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A defiant country doctor fights for her license and a disappearing style of medicine

A New Hampshire doctor fighting to regain her license has become a symbol of a kind of physician autonomy that is almost extinct.

NEW LONDON, N.H. — The voice sounded like a child crying. It seemed to follow Dr. Anna Konopka around, echoing through the rooms of her house, audible everywhere. She thought it might be coming from the neighbors’ — but no, it was clearly inside her own walls. “Mrs. Ghost,” she called it.

Of course, she didn’t tell anyone. They would think she was unstable. She was a primary care doctor, treating both children and adults. It wouldn’t do for people to hear that she was bothered by ghosts. But finally, one night around midnight, as she was getting ready for bed — there it was, in her room, a few feet away, sobbing. “I said, ‘All right, what do you want from me? I will … pray for you for three days. Let me know if it is enough,’” Konopka recalled. “And she stopped crying. She never followed me again.”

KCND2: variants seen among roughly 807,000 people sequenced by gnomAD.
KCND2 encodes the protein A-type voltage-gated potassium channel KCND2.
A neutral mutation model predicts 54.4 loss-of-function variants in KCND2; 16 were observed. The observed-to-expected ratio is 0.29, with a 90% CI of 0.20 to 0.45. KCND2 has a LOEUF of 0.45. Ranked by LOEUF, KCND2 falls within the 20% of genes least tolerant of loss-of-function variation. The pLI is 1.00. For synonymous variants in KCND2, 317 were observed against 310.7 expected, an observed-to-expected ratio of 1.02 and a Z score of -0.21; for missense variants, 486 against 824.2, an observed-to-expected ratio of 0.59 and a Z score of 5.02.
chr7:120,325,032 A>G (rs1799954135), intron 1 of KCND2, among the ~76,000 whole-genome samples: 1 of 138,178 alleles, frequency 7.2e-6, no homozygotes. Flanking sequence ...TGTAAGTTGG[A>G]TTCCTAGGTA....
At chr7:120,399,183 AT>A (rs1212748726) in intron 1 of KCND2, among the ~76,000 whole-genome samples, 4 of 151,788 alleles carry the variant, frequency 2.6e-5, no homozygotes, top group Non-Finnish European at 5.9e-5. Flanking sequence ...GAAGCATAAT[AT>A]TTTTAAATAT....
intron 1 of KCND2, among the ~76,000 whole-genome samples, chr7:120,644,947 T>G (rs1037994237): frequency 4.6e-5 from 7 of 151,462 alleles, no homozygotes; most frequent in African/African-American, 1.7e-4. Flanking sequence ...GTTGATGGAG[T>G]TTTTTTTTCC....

Konopka takes that same in-your-face approach to everything. As a high schooler in 1940s Poland, when all her classmates dug out their rattiest, most proletarian clothes for the Communist Party meeting, she wore her fur coat. More recently, when she heard that doctors at the local hospital had lodged an official complaint about her, she drove over to find out their motives herself. And in early November, after she voluntarily gave up her license so that the New Hampshire Board of Medicine wouldn’t suspend it, she went to

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